Winfrey’s story is a well known one, but that doesn’t make it any less impactful. Born into poverty in rural Mississippi to a teenage single mother, her youth was marred by hardship and tragedy. She spent part of her childhood in the care of her grandmother, who was so poor Winfrey was often forced to wear dresses made of old potato sacks.  She is reported to have suffered several years of sexual abuse from the age of 9 until she ran away from home at age 13 in a bid to escape. At 14 she became pregnant, but her child – a son – was born prematurely and died soon after being born.

None of these hardships held Winfrey back from what she was to become. In fact, she channeled the emotion and empathy into her burgeoning media career and quickly earned the attention of T.V networks. After a stellar career as a talk show host, actress, producer and philanthropist, Oprah Winfrey is worth an estimated US$3 billion.  She has been hailed as the greatest black philanthropist in the history of America, and is currently North America’s only black billionaire.

3. Jack Ma, Alibaba.com

An online trading place for all kind of goods – one that’s become so big it handles double the merchandise of Amazon – Alibaba is truly a success story. Its founder Jack Ma was born into poverty in China. Ma didn’t seem to have luck or an abundance of natural abilities: he failed his national college entrance exams twice before finally managing to graduate studies in English, and couldn’t even land a job at his local KFC. But in 1999, he founded Alibaba.com and it thrived.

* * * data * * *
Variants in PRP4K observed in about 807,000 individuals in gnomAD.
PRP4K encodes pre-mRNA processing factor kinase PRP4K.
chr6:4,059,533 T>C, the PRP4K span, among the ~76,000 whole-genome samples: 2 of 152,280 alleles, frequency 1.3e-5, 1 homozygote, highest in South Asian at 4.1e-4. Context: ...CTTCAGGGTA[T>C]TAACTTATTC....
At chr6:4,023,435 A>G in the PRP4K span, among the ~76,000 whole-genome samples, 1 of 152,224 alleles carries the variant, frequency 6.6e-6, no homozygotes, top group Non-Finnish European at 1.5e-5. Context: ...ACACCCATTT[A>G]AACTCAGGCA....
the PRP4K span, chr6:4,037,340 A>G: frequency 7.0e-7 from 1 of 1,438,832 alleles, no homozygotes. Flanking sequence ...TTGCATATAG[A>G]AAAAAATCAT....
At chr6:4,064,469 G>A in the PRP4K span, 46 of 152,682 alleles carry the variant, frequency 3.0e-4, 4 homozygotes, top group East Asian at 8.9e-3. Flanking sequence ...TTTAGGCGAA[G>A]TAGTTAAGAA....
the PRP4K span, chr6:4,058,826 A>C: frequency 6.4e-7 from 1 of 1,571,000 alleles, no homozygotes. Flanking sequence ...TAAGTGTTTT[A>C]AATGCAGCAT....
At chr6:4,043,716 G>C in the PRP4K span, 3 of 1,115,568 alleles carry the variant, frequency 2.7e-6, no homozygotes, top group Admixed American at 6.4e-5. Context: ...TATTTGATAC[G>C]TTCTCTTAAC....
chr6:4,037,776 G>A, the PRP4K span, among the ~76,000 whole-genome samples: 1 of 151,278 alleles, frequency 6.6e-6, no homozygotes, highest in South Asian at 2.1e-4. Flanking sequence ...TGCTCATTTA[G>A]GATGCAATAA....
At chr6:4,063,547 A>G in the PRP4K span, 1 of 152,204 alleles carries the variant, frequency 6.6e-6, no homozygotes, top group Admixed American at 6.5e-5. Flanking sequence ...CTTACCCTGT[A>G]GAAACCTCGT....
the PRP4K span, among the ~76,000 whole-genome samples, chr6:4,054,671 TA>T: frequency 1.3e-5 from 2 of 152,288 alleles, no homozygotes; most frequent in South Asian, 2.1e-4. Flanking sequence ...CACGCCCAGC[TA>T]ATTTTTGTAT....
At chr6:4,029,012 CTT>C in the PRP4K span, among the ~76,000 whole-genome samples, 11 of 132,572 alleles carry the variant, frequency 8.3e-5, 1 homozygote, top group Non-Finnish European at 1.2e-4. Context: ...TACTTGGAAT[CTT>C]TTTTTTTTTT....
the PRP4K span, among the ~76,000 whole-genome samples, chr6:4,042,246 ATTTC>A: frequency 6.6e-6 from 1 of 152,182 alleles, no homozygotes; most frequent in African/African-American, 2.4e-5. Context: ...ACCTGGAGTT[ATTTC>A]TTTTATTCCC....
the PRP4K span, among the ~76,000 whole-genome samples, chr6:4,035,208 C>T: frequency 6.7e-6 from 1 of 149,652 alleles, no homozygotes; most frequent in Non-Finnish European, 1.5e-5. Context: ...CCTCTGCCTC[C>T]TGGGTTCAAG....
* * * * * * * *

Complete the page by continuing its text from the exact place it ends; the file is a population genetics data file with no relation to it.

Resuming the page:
In September of this year, the company’s US IPO raised an unprecedented US$25 billion. At age 50, Jack Ma is now the richest man in China. His net worth is estimated at US$23.9 billion.

Notably, Ma is both a philanthropist and a visionary in his plans for Alibaba beyond pure profit. Speaking about Alibaba’s future, he stated that ”our challenge is to help more people to make healthy money, ‘sustainable money,’ money that is not only good for themselves but also good for the society. That’s the transformation we are aiming to make.

4. Leonardo Del Vecchio, Luxottica

Even if you’ve never heard of Luxottica, you’ve probably worn sunglasses produced by them. The company makes proprietary eyewear for brands including Chanel, DKNY, Ray-ban, Polo Ralph Lauren, Persol and Emporio Armani, as well as owning retailers OPSM, Sunglass Hut, Target Optical and Pearle Vision. Across its sunglass and optical chains, Luxottica has over 6000 stores and 73,400 employees word wide.

Luxottica’s founder, Leonardo Del Vecchio, was born into an impoverished Milanese family in 1935. His father died before he was born, and his mother was too poor to support him so gave him up to the care of an orphanage. From these humble beginnings, Del Vecchio became an apprentice to a tool and dye maker in Milan before concentrating his metalworking skills on making spectacle parts. In 1961 he moved to Agordo, the home of the Italian eyewear industry, and soon started up Luxottica. The rest, as they say, is history.

Leonardo Del Vecchio is ranked by Forbes as the second richest man in Italy – boasting a net worth of US$19.1 billion.

luxottica.com

5. Do Won Chang, Forever 21